Jihad-Friendly Qatar May Have Inspired Former Gitmo Detainees to Return to Terror

FILE - In this Thursday Jan. 6, 2011 file photo, a traditional dhow floats in the Corniche Bay of Doha, Qatar, with tall buildings of the financial district in the background. Qatar, now facing a diplomatic crisis with other Arab nations, is a small country with a big history of …
AP Photo/Saurabh Das, File

Former President Barack Obama’s administration, in exchange for deserter Bowe Bergdahl, transferred five high-level Taliban prisoners from the U.S. military prison in Guantánamo Bay to Qatar, known for its Islamic terrorist-friendly environment.

David Ibsen, the executive director of the non-governmental Counter Extremism Project (CEP), indicated that Doha likely influenced the re-enagement in jihadist activities of former Guantánamo detainees sent to Qatar, including members of the infamous “Taliban Five” swapped for Bergdahl in May 2014.

At least seven former prisoners from the Guantánamo detention center, commonly known as Gitmo, are believed to have ended up in Qatar, which has allowed Islamic terrorist groups such as the Taliban to flourish within its borders. All seven former Gitmo prisoners who have operated in Qatar are affiliated with the Afghan Taliban.

In March 2015, a U.S. official revealed that at least three of the five Taliban terrorists traded for Bergdahl had attempted to plug back into their old terror network.

Breitbart News learned from CEP that Taliban members have increasingly gravitated towards Qatar, attracted by the permissive environment. The Sunni-majority country may have facilitated the return to terror of the Taliban Five and the other former Gitmo detainees.

“Although it is not clear that Qatar directly facilitated detainees’ return to terrorist activities, Qatar has certainly failed in its obligation to sufficiently monitor the activities of the Taliban Five from Guantánamo,” Ibsen told Breitbart News. “Qatar signed an MOU [memorandum of understanding] with the U.S. in May 2014, obligating Qatar to monitor the activities of the Taliban Five.”

Moreover, the Qatari government provided the jihadists with subsidized housing and provisions in one of Doha’s most affluent neighborhoods, reveals a recently published CEP study, titled, “Qatar, Money, and Terror: Doha’s Dangerous Policies.”

Nevertheless, Ibsen highlighted a December 2015 U.S. House Armed Services Committee report that quotes the House Intelligence Committee as telling former President Obama that year: “The five former detainees have participated in activities that threaten U.S. and coalition personnel and are counter to U.S. national security interests — not unlike their activities before they were detained on the battlefield.”

“Several” of the Taliban Five members “are believed to have re-engaged in terrorist activities since arriving in Qatar,” points out the terrorism financing CEP study.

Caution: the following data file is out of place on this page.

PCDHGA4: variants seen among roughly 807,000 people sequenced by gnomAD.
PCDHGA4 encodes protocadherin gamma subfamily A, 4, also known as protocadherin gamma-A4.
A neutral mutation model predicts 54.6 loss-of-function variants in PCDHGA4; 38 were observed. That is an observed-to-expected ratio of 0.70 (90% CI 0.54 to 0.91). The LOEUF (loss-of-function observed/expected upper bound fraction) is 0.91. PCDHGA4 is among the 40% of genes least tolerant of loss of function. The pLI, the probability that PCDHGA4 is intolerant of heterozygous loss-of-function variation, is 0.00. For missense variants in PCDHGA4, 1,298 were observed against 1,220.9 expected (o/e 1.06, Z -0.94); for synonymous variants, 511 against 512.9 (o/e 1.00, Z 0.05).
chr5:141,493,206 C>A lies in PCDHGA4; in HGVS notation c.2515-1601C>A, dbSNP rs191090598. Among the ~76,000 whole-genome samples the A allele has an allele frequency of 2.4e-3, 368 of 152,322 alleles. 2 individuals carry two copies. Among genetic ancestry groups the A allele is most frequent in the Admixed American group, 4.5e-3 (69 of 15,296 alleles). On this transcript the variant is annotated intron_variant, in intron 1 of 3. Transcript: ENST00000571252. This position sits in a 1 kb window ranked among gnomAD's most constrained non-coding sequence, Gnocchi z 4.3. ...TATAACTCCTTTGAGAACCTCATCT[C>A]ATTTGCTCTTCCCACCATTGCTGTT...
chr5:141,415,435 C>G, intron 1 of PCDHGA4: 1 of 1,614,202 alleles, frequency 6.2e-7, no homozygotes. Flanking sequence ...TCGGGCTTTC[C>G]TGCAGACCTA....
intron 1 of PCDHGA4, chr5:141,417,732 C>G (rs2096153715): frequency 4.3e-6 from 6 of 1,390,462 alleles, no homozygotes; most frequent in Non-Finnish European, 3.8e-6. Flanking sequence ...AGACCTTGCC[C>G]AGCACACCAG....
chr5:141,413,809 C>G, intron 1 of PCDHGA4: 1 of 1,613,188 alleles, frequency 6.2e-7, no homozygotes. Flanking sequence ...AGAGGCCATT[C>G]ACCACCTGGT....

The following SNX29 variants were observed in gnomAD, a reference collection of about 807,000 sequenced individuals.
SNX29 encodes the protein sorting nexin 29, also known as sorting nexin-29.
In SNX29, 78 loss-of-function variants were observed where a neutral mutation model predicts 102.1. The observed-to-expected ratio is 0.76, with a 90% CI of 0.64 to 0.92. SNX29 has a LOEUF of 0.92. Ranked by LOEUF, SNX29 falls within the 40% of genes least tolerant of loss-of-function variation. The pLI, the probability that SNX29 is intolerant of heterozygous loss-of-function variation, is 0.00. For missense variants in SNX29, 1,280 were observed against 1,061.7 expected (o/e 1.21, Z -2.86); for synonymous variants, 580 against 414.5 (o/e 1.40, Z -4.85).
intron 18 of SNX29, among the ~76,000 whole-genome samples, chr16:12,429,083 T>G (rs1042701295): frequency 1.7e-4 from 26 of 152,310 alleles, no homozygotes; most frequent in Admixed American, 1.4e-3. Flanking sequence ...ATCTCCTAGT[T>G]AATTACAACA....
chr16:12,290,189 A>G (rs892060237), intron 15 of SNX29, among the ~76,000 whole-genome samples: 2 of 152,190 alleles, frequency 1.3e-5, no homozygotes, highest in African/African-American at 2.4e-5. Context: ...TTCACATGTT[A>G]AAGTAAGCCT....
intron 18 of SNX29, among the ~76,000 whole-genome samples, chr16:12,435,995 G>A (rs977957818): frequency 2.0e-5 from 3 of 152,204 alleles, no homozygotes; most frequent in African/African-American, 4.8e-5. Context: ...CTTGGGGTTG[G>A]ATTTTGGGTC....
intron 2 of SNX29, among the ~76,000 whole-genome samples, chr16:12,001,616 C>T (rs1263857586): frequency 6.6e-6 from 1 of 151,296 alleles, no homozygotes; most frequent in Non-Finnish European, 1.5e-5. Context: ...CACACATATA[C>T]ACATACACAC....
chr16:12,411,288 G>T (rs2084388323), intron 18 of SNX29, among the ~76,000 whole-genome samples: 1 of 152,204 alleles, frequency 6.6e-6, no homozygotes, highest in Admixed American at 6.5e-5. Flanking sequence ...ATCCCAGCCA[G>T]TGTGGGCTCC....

According to the Guantánamo Docket, a database maintained by the New York Times (NYT), the U.S. government transferred at least six Gitmo detainees to Qatar — the Taliban Five jihadists in 2014 and a Qatar-born terrorist linked to both the Taliban and its ally al-Qaeda in 2008.

A seventh former prisoner also affiliated with the Taliban and al-Qaeda — Abdul Salam Zaeef — has been operating in Qatar since 2011 after the United States transferred to Afghanistan in 2005, noted Ibsen.

The CEP director told Breitbart News that five of the seven former Gitmo detainees transferred to Qatar, including at least three of the Taliban Five, “remain sanctioned by the United Nations and other governments and inter-governmental organizations.”

CEP noted that Qatar is a center of attraction for former Gitmo prisoners linked to the Taliban and overall high-ranking members of the terrorist group and their families. The Taliban even established an official office in Doha.

“Taliban officials have had an increasing presence in Qatar since approximately 2010. High-level Taliban officials and their families have reportedly moved to the country. Afghan diplomats in Doha have reported running into Taliban members on the street,” noted the NGO in a recently published study, titled “Qatar: Extremism & Counter-Extremism.”

“For example, Mullah Abdual Salam Zaif, a former Guantanamo Bay prisoner and Taliban ambassador to Pakistan, reportedly moved from Afghanistan to Qatar in 2011. Sometime after 2010, the Taliban also reportedly maintained a diplomatic office in Doha until 2014. It was the only such office in the world,” it added.

Although the Qatari government claims to have shut down the Taliban office in Doha, the terrorist group is believed to be still operating it.

“Doha hosts the Taliban’s ‘political office,’ which the group opened in June 2013,” points out the CEP report on extremism in Qatar. “The Taliban has referred to the office as the only entity where Taliban negotiations are authorized to take place.”


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